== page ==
Friday, August 12, 2005

Yesterday

I read a book sort of by mistake, Turning for Home by Sarah Challis. It's good in its way, but it's not my kind (I think the name came up off an Amazon UK recommendation based on the fact that I'd ordered books by Victoria Clayton, whose novels I adore; I got it through my beloved BorrowDirect, but it wasn't what I was expecting). The thing that really gave me a pang is that while the book is itself about a bond between a twenty-something drifter and an old lady who she comes to work for as a carer, which resonates with me greatly, it is SO much a book that my actual grandmother would have loved. It is just her kind of book. It pains me that I don't know whether she read these books or not, though I can't help but feel she must have. I have had this several times recently, as you do for someone you really love who's died: I don't care about my birthday, but she always sent me a birthday card, and it was very kind that my mother stepped in and made sure to send me one to arrive on the day because I was so much thinking about my grandmother and missing her. And I recently went to a quasi-bachelorette party that she would love to have heard about, the hostess was a former southern belle in her 80s who knew Zelda Fitzgerald (who came to afternoon tea when she was on furlough from the asylum or whatever) and Harper Lee and generally the evening would have provided much grist to my grandmother's mill (I was dying to send her a description of the dinner entree, Chicken Hong Kong, which is indescribable but may have included Campbell's cream of mushroom soup and canned water-chestnuts; we washed it down with vast amounts of Veuve Cliquot).

3 comments:

  1. Hi!
    So I found your blog through Neil Gaiman's blog (how exciting that he linked you...) and thought I'd say hello. This is completely random and out of the blue, but in the Spring of 2003 I was in your second semester Literature Humanties class at Columbia. My name's Helena Fitzgerald (I'm very tall and red haired), and I doubt very much you'd remember me, but I couldn't resist leaving a comment.
    Oddly enough, I've been meaning to look up your email address and try to get in touch with you. Since that year, I left Columbia for NYU to study acting seriously, had a really great two years there and realized that writing and studying literature is actually what I want to do in life, rather than theatre and acting. In making this decision over the past few months, I actually kept thinking about your class, and about a couple extremely perceptive comments you made on my final paper and exam.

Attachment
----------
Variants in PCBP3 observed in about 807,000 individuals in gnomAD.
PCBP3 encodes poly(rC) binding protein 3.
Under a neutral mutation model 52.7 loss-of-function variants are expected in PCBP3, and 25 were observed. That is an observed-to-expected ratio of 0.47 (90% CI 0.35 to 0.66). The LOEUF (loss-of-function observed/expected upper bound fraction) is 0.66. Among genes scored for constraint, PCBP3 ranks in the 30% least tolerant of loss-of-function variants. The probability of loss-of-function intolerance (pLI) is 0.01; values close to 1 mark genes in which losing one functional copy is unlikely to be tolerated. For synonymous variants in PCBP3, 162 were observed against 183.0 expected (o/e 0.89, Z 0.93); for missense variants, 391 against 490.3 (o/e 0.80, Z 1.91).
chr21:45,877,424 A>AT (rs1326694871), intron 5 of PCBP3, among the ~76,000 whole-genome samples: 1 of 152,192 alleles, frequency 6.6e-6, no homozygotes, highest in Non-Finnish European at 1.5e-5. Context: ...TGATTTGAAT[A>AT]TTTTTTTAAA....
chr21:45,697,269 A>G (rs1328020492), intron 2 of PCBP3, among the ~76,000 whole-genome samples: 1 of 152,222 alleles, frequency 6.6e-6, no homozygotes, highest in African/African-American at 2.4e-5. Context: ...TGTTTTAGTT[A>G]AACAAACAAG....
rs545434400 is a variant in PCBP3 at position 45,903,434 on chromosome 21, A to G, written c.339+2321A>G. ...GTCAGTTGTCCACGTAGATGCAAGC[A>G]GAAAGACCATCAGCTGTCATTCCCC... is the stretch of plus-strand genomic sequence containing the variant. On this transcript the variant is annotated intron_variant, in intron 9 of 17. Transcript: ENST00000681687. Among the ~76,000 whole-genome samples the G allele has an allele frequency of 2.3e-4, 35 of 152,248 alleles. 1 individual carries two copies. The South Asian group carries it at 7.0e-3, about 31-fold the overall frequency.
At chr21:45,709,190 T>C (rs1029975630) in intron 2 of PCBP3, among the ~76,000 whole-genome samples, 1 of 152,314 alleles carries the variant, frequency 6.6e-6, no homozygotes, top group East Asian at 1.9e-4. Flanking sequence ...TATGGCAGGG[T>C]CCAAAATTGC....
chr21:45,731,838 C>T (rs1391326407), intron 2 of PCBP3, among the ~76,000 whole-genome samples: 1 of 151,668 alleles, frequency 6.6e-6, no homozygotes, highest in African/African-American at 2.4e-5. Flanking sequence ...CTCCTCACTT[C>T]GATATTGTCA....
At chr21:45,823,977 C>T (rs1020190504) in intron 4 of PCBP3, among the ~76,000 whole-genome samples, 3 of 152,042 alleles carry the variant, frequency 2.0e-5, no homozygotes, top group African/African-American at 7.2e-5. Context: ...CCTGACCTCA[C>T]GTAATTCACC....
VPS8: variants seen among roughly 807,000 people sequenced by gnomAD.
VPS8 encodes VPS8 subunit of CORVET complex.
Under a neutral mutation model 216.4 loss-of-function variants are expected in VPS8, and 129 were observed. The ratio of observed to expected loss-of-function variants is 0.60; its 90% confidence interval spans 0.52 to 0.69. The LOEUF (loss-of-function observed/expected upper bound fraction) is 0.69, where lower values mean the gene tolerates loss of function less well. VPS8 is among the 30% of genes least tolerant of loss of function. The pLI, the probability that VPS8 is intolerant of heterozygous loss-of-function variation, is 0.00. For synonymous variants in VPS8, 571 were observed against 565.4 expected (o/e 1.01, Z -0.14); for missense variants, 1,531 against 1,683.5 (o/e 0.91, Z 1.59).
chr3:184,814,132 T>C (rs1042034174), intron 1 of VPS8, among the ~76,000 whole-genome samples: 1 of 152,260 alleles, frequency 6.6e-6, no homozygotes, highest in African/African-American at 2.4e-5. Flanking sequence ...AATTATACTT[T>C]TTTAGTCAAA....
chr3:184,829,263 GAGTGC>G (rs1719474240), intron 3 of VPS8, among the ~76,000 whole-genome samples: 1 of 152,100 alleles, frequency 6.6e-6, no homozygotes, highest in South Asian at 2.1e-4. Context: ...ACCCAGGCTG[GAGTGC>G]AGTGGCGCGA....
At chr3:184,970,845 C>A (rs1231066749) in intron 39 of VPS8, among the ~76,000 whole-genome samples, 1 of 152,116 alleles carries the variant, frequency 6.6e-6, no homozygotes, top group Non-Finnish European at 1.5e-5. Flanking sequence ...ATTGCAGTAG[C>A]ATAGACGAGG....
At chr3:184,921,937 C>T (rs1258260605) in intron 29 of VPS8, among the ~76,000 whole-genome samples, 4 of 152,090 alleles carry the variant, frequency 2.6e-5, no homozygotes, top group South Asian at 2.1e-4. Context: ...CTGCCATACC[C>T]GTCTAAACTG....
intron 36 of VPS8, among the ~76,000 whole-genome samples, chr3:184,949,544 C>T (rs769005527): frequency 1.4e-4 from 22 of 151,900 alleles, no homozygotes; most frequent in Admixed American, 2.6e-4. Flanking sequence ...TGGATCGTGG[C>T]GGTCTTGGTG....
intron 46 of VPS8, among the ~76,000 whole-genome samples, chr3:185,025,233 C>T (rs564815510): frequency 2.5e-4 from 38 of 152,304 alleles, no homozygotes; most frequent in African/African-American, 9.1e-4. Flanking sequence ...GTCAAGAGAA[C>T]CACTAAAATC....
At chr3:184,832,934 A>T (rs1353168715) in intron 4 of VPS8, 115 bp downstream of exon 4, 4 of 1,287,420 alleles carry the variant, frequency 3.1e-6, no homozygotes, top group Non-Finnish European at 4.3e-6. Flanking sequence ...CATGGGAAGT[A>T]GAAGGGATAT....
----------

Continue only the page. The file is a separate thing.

So I guess I wanted to just say hello, and thanks. Also, reading over your blog I've been realizing that what you're doing is quite similiar to what I hope to do down the road-- writing novels professionally and working in literary academia-- so, I also thought I'd ask if, by any chance, we could talk, over email or through whatever method of communication is most convenient for you, about any advice or thoughts you might have on the pursuit of both these career goals.
    Of course, I realize you're quite busy and that this is asking a lot, and absolutely understand if you don't have the time for random advice-giving. But hi, and thank you for a great class and some seriously useful criticism and praise. I hope all's very well with you, and that you're having a lovely summer.
    --Helena

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  2. Of COURSE I remember you (and do you remember that awkward time when we were sitting at adjacent tables at Tomo and it was too complicated to explain to your parents that I was your teacher?)! You must e-mail me and we will find a time to talk soon--I'd love to hear more of what you're up to. jmd204 at columbia dot edu. If you can come uptown later in t he month we'll get coffee and chat. I was very serious about acting during college, worked with a lot of people who are now professional, but realized at some point that what I really loved was the language and that a professional career was NOT unfortunately going to be all having parts like Doll Common in THE ALCHEMIST or Titania in MIDSUMMER NIGHT'S DREAM etc. (I don't think I was good enough, either, but it really was a temperament question as well.) I guess I'm not that surprised to hear you're thinking about similar stuff.

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